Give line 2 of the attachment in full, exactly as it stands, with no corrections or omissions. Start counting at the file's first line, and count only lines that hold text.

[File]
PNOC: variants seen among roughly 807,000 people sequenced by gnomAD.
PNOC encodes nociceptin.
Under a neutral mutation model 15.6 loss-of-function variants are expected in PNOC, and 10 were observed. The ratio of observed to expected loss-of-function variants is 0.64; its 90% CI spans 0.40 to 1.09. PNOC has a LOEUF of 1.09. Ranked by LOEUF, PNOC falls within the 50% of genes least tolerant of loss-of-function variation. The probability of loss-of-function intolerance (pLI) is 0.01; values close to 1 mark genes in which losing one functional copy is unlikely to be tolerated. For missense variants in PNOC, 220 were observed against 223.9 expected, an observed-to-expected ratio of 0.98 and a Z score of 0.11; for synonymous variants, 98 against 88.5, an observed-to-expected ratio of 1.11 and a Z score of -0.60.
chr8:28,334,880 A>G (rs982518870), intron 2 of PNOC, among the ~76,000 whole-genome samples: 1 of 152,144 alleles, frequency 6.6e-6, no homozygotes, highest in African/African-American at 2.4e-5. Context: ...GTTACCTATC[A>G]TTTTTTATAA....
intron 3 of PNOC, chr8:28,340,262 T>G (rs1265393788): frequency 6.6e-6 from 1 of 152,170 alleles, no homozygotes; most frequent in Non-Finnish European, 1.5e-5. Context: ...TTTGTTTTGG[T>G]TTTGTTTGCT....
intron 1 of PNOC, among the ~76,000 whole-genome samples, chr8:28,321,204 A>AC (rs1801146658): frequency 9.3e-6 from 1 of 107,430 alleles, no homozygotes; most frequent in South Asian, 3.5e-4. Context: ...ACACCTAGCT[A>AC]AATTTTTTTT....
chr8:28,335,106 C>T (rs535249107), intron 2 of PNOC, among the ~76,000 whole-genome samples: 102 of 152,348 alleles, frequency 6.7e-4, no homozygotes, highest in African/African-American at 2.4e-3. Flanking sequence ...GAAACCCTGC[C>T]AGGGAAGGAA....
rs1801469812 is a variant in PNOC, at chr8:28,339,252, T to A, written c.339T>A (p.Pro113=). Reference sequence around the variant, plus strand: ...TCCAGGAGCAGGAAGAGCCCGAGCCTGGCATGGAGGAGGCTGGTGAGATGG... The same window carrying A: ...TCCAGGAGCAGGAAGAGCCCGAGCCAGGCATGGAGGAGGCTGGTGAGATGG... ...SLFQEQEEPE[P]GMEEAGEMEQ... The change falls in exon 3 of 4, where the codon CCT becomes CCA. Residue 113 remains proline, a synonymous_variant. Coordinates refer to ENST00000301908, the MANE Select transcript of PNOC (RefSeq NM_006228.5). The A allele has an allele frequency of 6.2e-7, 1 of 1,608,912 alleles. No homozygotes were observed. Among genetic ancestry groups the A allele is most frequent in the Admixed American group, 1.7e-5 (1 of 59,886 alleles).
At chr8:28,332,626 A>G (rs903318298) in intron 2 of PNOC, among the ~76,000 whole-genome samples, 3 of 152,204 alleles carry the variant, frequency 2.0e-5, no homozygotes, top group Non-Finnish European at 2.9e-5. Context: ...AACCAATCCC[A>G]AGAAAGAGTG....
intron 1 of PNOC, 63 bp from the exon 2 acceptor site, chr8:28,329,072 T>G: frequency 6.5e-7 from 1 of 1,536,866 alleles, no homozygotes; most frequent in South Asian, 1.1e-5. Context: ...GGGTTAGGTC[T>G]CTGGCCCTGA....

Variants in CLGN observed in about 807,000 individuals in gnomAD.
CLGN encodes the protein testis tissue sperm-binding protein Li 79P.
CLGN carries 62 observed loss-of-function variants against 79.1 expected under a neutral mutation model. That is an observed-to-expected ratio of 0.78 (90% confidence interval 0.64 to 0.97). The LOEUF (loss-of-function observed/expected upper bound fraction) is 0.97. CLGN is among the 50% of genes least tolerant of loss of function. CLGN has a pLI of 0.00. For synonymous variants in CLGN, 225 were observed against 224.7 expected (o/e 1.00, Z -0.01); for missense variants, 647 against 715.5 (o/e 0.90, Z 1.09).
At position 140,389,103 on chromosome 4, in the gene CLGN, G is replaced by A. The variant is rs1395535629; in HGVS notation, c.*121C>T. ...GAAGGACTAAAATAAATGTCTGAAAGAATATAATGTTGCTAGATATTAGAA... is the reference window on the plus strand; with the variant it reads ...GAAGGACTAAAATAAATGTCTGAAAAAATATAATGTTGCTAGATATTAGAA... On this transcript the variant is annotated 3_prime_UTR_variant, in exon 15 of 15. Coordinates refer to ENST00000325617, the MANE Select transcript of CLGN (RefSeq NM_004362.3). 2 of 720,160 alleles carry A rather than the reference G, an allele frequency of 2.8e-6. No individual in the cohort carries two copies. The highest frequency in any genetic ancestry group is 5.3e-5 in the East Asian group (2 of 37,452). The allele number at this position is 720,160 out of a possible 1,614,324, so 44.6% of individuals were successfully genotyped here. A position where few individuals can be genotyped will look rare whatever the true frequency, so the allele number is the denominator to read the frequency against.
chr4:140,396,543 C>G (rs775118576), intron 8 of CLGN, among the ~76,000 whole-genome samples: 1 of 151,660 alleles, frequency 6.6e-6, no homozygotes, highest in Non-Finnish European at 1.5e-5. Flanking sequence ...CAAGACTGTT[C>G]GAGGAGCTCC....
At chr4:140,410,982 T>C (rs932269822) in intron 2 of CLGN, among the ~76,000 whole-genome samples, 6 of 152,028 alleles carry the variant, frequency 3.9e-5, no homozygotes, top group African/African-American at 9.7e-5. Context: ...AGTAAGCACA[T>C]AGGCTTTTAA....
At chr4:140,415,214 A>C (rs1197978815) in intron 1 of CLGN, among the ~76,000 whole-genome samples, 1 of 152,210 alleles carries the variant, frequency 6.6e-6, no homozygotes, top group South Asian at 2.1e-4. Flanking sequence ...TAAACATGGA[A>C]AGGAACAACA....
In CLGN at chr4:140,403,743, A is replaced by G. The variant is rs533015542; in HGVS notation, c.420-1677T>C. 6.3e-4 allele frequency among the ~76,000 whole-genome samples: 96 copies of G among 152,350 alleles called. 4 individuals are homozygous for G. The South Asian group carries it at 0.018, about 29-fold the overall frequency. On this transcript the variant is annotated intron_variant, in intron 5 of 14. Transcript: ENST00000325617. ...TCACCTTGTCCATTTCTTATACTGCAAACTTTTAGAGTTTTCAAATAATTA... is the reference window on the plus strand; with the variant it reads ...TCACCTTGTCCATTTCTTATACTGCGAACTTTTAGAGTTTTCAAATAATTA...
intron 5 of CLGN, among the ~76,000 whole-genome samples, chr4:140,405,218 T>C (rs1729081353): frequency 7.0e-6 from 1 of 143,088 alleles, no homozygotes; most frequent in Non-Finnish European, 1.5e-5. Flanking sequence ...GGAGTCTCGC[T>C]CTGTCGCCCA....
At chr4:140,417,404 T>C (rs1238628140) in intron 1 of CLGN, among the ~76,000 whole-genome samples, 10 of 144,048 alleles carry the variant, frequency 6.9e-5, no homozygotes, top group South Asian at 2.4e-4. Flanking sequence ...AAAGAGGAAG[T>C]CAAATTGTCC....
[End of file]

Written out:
PNOC encodes nociceptin.